Suicide shows failings of jails for juveniles I find...

LETTERS TO THE EDITOR

April 22, 2002

Suicide shows failings of jails for juveniles

I find the Maryland correctional system pathetic. A system that should, ideally, rehabilitate offenders and return them to society is instead contributing to their demise. The March 14 suicide death of a 15-year-old girl at the Waxter Center in Laurel is a glaring example ("State agency faulted in death," April 13).

Regardless of this child's behavior, which may have been a result of the mental illness for which she was being treated, the facility's guards behaved entirely inappropriately. Had they paid notice to her threats and acted as any reasonable person should, the young woman might still be alive.

With proper short- and long-term care from a psychiatrist, she may have been able to return to a normal and productive life once released.

Instead, she suffered enough emotional anguish to cause her to take her own life.

Now suicide prevention training is again being mandated for facility personnel. It seems to me that prison officials are closing the barn door after the proverbial horse has escaped.

It is a great shame that a girl needed to die as a martyr to the cause of correctional facility improvements before those in charge realized that something was wrong.

Now we can only hope that the system pulls itself together in time to prevent yet another tragedy.

Gregory S. Auerweck

Baltimore

Recent articles regarding the crisis in juvenile justice and the suicide of a teen-ager in a juvenile facility demonstrate that current treatment practices are not working.

Many children and young people in this system have experienced trauma through sexual abuse, physical abuse or as witnesses of domestic or street violence.

Training correctional officers to understand the causes and symptoms of trauma and to use specific questions at intake can prevent suicides, reduce abuse by officers and reduce criminal activity by juvenile offenders when they are released.

Esther Giller

Baltimore

The writer is president of the Sidran Institute for Traumatic Stress Education and Advocacy.

Vote of no confidence for church hierarchy

As a lifelong Catholic, I am outraged at the stonewalling by the pope, cardinals and bishops on complaints of sexual abuse of children by some perverted priests.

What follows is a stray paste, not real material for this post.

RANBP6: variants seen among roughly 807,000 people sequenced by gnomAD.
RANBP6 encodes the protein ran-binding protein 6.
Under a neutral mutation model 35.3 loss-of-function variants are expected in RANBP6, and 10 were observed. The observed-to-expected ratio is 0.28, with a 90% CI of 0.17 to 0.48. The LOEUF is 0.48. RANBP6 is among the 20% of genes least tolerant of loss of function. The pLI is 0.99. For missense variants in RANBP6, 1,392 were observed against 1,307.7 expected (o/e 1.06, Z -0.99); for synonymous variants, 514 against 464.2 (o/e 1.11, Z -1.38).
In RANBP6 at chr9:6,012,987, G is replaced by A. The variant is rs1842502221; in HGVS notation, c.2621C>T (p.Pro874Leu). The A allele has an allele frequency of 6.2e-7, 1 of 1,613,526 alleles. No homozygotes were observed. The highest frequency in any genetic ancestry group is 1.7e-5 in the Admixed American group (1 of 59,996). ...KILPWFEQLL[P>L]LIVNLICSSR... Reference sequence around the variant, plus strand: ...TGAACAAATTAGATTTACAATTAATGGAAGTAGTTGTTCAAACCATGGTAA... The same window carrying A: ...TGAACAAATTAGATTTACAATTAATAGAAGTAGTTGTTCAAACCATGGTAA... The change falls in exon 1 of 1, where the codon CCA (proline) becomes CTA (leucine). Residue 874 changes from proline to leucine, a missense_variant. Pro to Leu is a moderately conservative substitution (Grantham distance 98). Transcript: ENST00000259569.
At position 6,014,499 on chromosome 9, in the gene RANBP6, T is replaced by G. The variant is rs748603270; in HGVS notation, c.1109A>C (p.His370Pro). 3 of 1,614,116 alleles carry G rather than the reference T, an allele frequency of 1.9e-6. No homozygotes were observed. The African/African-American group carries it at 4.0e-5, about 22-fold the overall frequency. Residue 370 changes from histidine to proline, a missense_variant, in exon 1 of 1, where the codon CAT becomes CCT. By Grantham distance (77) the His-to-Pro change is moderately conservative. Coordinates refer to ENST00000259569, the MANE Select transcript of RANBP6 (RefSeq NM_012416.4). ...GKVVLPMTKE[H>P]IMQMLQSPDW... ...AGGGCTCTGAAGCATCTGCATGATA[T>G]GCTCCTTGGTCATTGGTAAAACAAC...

This arrogant behavior is irresponsible and unacceptable. The Catholic hierarchy has proved itself to be a self-serving good old boys' club. I vote no confidence.

How many parishes will close so the church can afford to pay hush money to victims? Change is long overdue.

Every Catholic mother should voice her outrage over the current scandal. To let the situation continue and say nothing is a sin of omission.

Stephanie Town

Landenberg, Pa.

Methadone clinics endanger seniors

The Baltimore County government kept the proposed methadone clinics in Pikesville under wraps until planning had moved along quite a bit. It was obvious that bringing hardcore addicts into the area would not be met with enthusiasm by area residents ("Bill would block drug clinics near residences," April 2).

At times, extensive projects have been scrapped when some species of endangered animal was found in the vicinity. The large number of senior citizens who live in close proximity to the proposed clinics are starting to feel they are an endangered species also.

Up to now, we seniors believed our protection was a priority because of the vulnerability of advanced years. But now there may be more reasons for us to look over our shoulders while we are still able to move about our neighborhood.

Stanley Oring

Pikesville

How to succeed in African business

Thank you for the interesting and balanced editorial "Africa's powerhouse" (April 8). I would add the success stories of South African telecom companies Vodacom and MTN, which brought voice, Internet and fax services to millions of Africans who previously had to walk many miles to the nearest telephone.

South Africans are succeeding in Africa simply because they are willing to travel in Africa and base their businesses on what others would call "thin markets."

Nic du Toit

Ellicott City

Criticism of Israel betrays hypocrisy

When the United States was the victim of terror on Sept. 11, the world lined up with this country to take a stand against terror wherever it may occur. This country invaded a sovereign nation and killed and injured individuals, both innocent civilians and those who allegedly committed, planned or aided terror attacks. This brought very little protest in the United States or the world.

On the other hand, when Israel, which has been combating terrorism for more than 50 years, takes similar actions to prevent further terror against its population, the response from the world is outrage. The United Nations, the United States, Russia and the European Union all called on Israel to withdraw its forces from its war on terrorism.

It is obvious that the world employs a double standard when it comes to Israel. It's all right for the United States to defend itself against terror, but not Israel. What hypocrisy.

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